Instead, the snapback was the Security Council’s agreement in 2015 that the United States would have a veto power to compel the Security Council to take action—in this case, to re-impose sanctions on Iran. The wording of the snapback provision in 2231 has three parts: (1) any “JCPOA participant State” could require the Security Council to affirmatively adopt a resolution that would keep the sanctions relief in place, so that (2) the United States, or any other permanent member, could veto such a resolution, and (3) if the resolution was not adopted, then all the early 2015 international sanctions would come back into force.
This was a powerful procedure for the United States. In theory, even if the rest of the world objected, the United States alone could re-impose binding UN sanctions. Under Chapter VII of the United Nations charter, particularly article forty-one, those sanctions should have the force of binding international law. Under article twenty-five of the charter, all United Nations member states agreed to carry out the “decisions” of the Security Council.
UNSCR 2231 was negotiated to give the United States or any other “JCPOA participant State” the ability to unilaterally re-impose sanctions on Iran’s nuclear obligations under the JCPOA. The arms embargo, however, was negotiated to be an ordinary sanctions situation; once the arms embargo expires, it will take a new resolution to re-establish it.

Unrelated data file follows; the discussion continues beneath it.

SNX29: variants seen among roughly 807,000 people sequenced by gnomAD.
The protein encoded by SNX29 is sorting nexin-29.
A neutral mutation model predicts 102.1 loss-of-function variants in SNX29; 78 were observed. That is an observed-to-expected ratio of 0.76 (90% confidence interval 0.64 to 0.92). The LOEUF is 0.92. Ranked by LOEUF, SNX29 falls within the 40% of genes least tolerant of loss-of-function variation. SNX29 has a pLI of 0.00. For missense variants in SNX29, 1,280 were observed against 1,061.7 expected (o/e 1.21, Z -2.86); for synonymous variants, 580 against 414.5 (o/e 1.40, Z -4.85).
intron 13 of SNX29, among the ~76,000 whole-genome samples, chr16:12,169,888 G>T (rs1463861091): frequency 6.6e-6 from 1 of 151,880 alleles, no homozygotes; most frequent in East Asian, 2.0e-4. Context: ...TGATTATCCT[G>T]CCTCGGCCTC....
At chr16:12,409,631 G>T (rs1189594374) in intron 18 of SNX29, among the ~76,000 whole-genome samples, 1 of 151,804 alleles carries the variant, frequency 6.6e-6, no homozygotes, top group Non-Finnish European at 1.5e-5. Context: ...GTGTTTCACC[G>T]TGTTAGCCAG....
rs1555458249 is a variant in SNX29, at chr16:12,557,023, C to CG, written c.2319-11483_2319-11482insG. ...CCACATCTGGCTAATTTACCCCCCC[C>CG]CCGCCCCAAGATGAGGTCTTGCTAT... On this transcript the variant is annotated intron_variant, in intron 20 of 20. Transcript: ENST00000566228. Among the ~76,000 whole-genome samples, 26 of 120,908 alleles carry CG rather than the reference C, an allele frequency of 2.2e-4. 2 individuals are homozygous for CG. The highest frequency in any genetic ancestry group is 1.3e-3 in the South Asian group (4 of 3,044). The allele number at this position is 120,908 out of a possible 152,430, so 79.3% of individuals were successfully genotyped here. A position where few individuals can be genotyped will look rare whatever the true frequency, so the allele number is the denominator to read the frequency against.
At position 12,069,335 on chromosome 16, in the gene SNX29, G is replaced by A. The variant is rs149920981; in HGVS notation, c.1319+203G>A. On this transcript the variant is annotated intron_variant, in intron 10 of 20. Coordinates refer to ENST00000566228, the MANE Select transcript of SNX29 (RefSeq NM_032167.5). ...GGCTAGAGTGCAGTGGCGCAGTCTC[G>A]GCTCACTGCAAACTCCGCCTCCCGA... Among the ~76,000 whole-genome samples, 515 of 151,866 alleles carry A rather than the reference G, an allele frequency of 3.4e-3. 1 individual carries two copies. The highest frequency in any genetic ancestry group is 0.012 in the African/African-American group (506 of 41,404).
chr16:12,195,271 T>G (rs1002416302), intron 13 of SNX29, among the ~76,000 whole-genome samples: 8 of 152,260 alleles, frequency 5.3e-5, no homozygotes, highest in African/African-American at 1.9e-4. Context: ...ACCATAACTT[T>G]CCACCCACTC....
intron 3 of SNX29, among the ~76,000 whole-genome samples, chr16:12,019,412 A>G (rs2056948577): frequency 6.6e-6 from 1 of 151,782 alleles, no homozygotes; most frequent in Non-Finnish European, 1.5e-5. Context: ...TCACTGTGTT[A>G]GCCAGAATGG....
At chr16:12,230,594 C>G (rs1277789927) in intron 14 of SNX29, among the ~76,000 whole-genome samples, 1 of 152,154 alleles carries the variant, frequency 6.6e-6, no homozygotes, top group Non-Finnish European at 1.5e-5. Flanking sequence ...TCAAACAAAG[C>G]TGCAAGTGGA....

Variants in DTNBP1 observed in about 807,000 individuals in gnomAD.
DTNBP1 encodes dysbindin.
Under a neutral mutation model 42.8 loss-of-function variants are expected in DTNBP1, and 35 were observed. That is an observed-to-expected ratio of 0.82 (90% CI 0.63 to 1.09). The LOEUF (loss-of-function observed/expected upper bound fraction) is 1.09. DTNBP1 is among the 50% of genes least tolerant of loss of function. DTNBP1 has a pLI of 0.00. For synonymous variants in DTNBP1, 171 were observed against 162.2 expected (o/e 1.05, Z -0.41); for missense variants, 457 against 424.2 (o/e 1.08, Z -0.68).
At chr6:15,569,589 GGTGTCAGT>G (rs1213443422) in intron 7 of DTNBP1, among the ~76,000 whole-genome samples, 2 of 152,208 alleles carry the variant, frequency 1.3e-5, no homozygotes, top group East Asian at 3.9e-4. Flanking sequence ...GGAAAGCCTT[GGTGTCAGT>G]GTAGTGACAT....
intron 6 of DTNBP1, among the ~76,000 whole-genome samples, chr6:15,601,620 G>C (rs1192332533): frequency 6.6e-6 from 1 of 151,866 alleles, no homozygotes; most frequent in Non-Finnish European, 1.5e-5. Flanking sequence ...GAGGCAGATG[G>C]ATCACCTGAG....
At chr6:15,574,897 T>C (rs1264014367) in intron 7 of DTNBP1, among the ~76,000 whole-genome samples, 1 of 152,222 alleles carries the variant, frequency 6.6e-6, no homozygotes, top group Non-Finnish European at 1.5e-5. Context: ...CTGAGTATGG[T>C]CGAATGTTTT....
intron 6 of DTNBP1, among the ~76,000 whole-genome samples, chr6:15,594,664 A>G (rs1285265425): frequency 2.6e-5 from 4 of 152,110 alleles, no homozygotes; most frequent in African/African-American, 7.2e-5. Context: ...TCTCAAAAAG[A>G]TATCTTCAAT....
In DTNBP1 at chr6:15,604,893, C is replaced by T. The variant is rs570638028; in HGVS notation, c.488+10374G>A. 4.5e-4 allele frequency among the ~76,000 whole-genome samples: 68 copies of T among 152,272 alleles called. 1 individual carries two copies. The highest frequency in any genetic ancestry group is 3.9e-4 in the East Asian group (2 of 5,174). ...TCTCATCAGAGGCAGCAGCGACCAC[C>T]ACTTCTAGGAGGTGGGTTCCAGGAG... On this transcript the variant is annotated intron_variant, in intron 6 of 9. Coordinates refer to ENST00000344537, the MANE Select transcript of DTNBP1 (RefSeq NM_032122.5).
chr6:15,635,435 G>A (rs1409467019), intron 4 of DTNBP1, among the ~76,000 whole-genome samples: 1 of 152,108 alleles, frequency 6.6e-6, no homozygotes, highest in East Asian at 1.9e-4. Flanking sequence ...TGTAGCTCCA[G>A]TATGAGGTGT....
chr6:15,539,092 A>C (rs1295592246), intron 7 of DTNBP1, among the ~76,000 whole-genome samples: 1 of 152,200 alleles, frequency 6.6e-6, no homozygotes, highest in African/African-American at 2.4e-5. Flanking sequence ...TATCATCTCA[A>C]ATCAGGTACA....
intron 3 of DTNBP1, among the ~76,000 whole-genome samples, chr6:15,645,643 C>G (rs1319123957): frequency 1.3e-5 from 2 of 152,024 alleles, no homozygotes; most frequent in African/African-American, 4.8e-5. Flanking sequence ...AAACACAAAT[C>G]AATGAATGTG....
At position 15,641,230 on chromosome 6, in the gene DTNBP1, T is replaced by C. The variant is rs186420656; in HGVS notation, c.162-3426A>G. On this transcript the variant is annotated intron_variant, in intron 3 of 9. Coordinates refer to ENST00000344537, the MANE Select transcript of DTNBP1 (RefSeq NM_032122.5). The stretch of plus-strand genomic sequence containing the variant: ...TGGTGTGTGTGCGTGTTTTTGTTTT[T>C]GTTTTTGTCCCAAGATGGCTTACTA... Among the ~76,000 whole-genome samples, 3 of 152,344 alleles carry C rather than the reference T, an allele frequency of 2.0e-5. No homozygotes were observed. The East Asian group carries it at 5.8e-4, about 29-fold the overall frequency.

The Obama administration team that negotiated UNSCR 2231 anticipated many contingencies, including a breakdown of the international consensus on the need to limit Iran’s dangerous nuclear ambitions. But they did not anticipate that the United States would seek the quantum physics state of superposition—that the United States would claim to not be a “participant” in the JCPOA while simultaneously claiming the benefit of being a “JCPOA participant State” under article eleven of UNSCR 2311.
Most Americans would agree that extending the arms embargo on Iran is an important goal. Nearly 90 percent—382 of 429 current members—of the US House of Representatives signed a letter urging Secretary Pompeo to work with US allies and partners to extend the arms embargo and the travel ban on Iranian arms proliferators.
The problem with invoking the snapback provision in UNSCR 2231 is who gets to decide whether the United States is still a “JCPOA participant State.” The United States gets its say, but it would have to get the other Security Council members to agree. Given the way the United States has withdrawn so publicly and confrontationally from the JCPOA, based on statements by President Donald Trump, Secretary Pompeo, and other top officials, it’s unlikely that the Trump administration could persuade most UNSC members to consider the United States as a participant for purposes of the snapback provision, unless the United States agreed to be bound by the JCPOA’s provisions. If all the permanent members of the Security Council don’t agree that the United States is a “participant” eligible to invoke the snapback provision, then they will not feel pressure to be bound to enforce pre-2015 UN sanctions.